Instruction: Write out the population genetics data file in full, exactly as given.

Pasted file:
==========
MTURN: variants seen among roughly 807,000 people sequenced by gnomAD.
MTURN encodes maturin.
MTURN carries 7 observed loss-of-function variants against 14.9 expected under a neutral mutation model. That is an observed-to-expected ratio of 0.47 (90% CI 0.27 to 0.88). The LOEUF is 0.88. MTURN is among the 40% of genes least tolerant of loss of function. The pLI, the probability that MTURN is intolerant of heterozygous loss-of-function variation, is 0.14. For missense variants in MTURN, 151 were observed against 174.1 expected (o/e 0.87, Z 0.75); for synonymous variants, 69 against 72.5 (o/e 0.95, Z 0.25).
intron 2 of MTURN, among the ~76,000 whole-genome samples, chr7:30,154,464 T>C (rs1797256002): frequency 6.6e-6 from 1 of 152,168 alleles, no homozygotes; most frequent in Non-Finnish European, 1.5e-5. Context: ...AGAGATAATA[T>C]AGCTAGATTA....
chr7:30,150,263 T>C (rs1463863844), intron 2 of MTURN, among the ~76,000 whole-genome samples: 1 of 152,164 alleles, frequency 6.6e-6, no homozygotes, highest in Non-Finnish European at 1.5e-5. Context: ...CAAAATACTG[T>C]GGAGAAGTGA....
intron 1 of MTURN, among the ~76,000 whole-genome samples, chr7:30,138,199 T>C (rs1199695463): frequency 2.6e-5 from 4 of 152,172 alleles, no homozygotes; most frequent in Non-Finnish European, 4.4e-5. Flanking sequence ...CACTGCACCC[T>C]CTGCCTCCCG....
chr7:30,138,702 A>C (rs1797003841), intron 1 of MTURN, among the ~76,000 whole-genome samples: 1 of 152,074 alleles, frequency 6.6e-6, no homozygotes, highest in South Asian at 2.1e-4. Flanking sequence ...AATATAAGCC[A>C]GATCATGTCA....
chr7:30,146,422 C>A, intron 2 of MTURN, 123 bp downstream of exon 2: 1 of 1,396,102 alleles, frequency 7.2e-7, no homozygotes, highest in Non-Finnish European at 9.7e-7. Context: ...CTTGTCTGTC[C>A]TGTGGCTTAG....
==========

MTURN: variants seen among roughly 807,000 people sequenced by gnomAD.
MTURN encodes maturin.
MTURN carries 7 observed loss-of-function variants against 14.9 expected under a neutral mutation model. That is an observed-to-expected ratio of 0.47 (90% CI 0.27 to 0.88). The LOEUF is 0.88. MTURN is among the 40% of genes least tolerant of loss of function. The pLI, the probability that MTURN is intolerant of heterozygous loss-of-function variation, is 0.14. For missense variants in MTURN, 151 were observed against 174.1 expected (o/e 0.87, Z 0.75); for synonymous variants, 69 against 72.5 (o/e 0.95, Z 0.25).
intron 2 of MTURN, among the ~76,000 whole-genome samples, chr7:30,154,464 T>C (rs1797256002): frequency 6.6e-6 from 1 of 152,168 alleles, no homozygotes; most frequent in Non-Finnish European, 1.5e-5. Context: ...AGAGATAATA[T>C]AGCTAGATTA....
chr7:30,150,263 T>C (rs1463863844), intron 2 of MTURN, among the ~76,000 whole-genome samples: 1 of 152,164 alleles, frequency 6.6e-6, no homozygotes, highest in Non-Finnish European at 1.5e-5. Context: ...CAAAATACTG[T>C]GGAGAAGTGA....
intron 1 of MTURN, among the ~76,000 whole-genome samples, chr7:30,138,199 T>C (rs1199695463): frequency 2.6e-5 from 4 of 152,172 alleles, no homozygotes; most frequent in Non-Finnish European, 4.4e-5. Flanking sequence ...CACTGCACCC[T>C]CTGCCTCCCG....
chr7:30,138,702 A>C (rs1797003841), intron 1 of MTURN, among the ~76,000 whole-genome samples: 1 of 152,074 alleles, frequency 6.6e-6, no homozygotes, highest in South Asian at 2.1e-4. Flanking sequence ...AATATAAGCC[A>C]GATCATGTCA....
chr7:30,146,422 C>A, intron 2 of MTURN, 123 bp downstream of exon 2: 1 of 1,396,102 alleles, frequency 7.2e-7, no homozygotes, highest in Non-Finnish European at 9.7e-7. Context: ...CTTGTCTGTC[C>A]TGTGGCTTAG....